I said to my boss, I said, "What's going on here? Why aren't I getting any good assignments?" He said, "I don't know. I can't figure it out. I'll go talk to the people who have the money and have the projects and see what's going on." And he came back and he said, "Well," he said, "What's the matter is that they all assume that you are now fulfilled as a mother, and don't want a responsible job." And I said, "Good Lord," so we went in and informed these people that, "Yes, I'm not fulfilled as a mother, I do want a responsible job," and so on. And, it wasn't that these guys were against me or anything like that, or anti-female or anything, in fact they were friends of mine. But, it just never occurred to them. They were from the Depression Era, you know, they grew up during the Depression Era, World War II, and their picture of women was, okay, you stay home and take care of your kids and that's how you become fulfilled. And, it never occurred to them that that wasn't my picture.
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Donna Shirley

Mars Exploration Program

The men my age were not used to having high powered working women, and my marriage didn't survive. My husband was born during the Depression and went through World War II and his mother worked. It was very interesting because his mother worked all her life and kept up the house and everything like that, but she was a textile worker. You know, she was not a powerful professional kind of a person. And so, his model was that women are supposed to do the housework and all that sort of stuff, and men are the breadwinners, even though he knew when we met. I mean, we didn't get married till I was 34 and we had talked about it and we'd worked it all out. And, when it really came down to it, it was just too much against his upbringing and beliefs. I didn't handle it well either.
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Alan Simpson

Statesman and Advocate

Alan Simpson: I was a fat kid. When I was in junior high, I weighed about 185. Big pimples all over me and knock-kneed, and that was tough. So I learned humor. All humor comes from pain. If you ever meet a guy full of humor, great, good humor -- Danny Kaye, who was here in Jackson, conducting the symphony one night, and I'd met him before. I said, "Where did it come from?" He said, "Where did it come from? A Russian Jew in the streets of New York? A kid, getting my head beat in every day. I couldn't outrun them. That's where you learn humor." And there's a lot to that. So that came, that was great. It was lucky I had wonderful parents who were dear. But a teacher one day and of course, then you become the class clown. Because then guys pay attention to you and you tell stories. I look at all the stand-up guys, and all I know is that a lot of them have been through pain. It's the way it works. Don't tell me that they haven't. There won't be one. I won't believe it if they don't tell it. And a teacher said, "Do you realize, Alan, have you figured out whether they're laughing with you or laughing at you?" Boy, that was a tough one. Because really, they were laughing at me in many ways. Then you learn you want to have them laughing with you. That's a nice thing. I learned that in grade school.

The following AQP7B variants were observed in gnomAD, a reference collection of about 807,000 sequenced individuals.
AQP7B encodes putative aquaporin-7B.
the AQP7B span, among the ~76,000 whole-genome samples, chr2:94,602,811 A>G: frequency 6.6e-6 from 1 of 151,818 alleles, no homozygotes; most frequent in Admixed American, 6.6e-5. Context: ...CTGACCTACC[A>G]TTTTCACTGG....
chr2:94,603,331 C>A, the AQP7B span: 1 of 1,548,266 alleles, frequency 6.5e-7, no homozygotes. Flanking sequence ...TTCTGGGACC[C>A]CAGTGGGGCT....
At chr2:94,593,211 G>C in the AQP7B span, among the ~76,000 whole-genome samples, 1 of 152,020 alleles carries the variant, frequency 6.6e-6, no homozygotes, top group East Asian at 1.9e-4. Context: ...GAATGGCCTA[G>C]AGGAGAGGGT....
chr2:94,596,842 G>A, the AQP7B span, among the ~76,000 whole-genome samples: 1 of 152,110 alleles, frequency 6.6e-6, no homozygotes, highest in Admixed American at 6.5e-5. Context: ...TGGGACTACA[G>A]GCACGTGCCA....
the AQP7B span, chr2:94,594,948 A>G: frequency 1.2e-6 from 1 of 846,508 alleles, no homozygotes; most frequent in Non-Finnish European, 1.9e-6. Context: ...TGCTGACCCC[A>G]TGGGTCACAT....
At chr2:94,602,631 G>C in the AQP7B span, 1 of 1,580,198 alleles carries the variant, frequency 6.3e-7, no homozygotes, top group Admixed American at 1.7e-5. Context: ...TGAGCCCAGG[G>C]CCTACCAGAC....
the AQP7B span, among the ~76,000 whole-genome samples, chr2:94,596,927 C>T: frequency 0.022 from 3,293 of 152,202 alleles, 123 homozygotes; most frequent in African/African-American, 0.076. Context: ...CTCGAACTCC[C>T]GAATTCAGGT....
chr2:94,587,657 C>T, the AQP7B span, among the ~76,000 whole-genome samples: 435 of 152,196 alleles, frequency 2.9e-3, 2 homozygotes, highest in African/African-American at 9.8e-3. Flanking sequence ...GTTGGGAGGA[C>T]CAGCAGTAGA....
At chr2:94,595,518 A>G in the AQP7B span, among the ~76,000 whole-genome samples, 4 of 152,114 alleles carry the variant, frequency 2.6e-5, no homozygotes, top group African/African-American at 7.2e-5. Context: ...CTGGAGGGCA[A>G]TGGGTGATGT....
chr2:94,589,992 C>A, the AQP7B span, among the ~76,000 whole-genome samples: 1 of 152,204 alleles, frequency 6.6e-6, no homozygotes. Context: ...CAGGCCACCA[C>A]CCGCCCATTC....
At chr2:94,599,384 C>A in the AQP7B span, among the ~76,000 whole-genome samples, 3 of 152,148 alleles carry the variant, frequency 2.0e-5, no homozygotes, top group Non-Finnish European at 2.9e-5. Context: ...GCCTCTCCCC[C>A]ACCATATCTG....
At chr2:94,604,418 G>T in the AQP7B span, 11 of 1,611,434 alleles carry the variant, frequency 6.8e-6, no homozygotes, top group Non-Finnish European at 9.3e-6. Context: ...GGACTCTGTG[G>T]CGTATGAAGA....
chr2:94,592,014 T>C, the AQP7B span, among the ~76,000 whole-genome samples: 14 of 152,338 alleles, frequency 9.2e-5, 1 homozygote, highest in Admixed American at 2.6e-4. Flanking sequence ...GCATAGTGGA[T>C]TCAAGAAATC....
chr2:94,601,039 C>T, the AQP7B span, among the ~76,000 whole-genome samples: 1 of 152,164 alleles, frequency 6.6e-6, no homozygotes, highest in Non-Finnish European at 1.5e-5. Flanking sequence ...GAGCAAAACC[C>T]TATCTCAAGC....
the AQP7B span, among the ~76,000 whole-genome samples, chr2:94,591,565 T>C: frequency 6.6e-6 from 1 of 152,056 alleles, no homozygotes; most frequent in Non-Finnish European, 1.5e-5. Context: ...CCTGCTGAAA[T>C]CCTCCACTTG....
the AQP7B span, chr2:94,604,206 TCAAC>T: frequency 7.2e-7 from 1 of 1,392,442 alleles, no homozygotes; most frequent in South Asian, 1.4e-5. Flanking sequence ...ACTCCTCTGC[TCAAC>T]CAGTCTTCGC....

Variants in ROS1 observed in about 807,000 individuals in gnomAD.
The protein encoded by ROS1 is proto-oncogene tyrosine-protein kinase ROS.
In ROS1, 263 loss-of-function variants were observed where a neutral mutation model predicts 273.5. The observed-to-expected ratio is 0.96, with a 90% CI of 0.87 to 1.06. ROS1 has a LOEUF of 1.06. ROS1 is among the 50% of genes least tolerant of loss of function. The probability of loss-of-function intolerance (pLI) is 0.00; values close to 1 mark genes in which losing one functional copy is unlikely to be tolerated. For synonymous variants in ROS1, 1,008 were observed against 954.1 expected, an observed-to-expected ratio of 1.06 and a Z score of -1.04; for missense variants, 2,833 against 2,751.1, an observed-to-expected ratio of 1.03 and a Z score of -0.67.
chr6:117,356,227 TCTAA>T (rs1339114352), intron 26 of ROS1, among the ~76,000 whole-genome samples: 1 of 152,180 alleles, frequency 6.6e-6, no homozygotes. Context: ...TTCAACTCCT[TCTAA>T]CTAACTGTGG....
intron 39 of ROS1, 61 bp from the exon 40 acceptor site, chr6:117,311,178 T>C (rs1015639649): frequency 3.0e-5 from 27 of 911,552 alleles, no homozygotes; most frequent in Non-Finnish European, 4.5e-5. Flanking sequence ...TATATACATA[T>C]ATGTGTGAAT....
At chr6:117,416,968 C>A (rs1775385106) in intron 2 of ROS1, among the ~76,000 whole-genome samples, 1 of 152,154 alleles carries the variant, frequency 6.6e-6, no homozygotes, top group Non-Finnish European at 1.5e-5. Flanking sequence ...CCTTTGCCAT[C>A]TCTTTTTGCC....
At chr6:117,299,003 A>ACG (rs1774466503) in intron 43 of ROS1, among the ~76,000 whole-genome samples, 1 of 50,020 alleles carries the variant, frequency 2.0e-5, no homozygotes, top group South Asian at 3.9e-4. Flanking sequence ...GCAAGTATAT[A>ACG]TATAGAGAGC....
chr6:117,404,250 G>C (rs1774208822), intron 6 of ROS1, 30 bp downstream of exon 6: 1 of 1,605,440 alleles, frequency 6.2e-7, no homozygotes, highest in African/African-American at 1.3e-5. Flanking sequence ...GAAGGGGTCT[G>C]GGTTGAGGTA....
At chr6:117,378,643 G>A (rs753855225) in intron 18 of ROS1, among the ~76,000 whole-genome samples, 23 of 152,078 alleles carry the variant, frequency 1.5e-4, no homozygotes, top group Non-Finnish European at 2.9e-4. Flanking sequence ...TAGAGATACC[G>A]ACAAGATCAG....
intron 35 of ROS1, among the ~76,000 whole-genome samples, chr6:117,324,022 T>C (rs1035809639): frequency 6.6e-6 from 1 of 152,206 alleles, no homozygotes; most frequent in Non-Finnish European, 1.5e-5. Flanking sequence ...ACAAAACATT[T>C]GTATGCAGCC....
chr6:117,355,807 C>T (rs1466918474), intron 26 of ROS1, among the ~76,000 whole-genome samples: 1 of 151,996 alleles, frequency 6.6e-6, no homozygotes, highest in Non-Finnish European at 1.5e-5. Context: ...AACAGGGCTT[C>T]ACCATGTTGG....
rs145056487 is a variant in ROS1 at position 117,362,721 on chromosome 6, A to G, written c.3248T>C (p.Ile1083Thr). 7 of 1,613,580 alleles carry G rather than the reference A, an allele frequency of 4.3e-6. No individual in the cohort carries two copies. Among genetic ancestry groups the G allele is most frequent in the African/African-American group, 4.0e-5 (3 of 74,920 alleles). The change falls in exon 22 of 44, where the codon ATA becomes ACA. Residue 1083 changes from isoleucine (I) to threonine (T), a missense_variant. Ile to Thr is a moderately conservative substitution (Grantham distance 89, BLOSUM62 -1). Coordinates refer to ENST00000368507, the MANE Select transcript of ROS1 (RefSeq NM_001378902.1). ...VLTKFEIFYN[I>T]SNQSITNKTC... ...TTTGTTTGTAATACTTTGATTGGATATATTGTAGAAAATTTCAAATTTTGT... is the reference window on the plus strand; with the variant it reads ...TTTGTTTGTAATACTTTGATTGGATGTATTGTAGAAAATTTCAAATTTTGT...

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Alan Simpson

Statesman and Advocate

Alan Simpson: I went to Cranbrook, that was an eye opener. There was the art of Carl Milles all over the place, and the architecture of Saarinen and I thought, "What is this stuff?" And I'd begun to take an interest in Shakespeare, because it was so powerful. Macbeth and Hamlet, Othello -- no wonder it's been around for 400-plus years, because it's so powerful. It's about greed and lust and hate, jealousy and murder, and vanity and love. So I suppose that Cranbrook was a settling, and then playing football at the university, when I really wasn't that good, but I just reached down, got something deep out of there and I said, "I'm going to make this team." And I did. Basketball was just fun. I was drinking beer and was the tenth guy on the squad. Putting them all to bed at night, and then going drinking beer from Boise, Idaho to Oklahoma City, to Corvallis, Oregon. And I enjoyed that, in a way. But football, I made the first string on defense, and was elected outstanding lineman in a game at Rice Stadium against Houston, and came home and quit. Went to law school. Said, "I proved that, I've done that." And that was really something, because I wasn't physically able to do that. But I had something down inside -- "I'm going to do that." And I did. And those are things -- you don't where it comes from, but it came.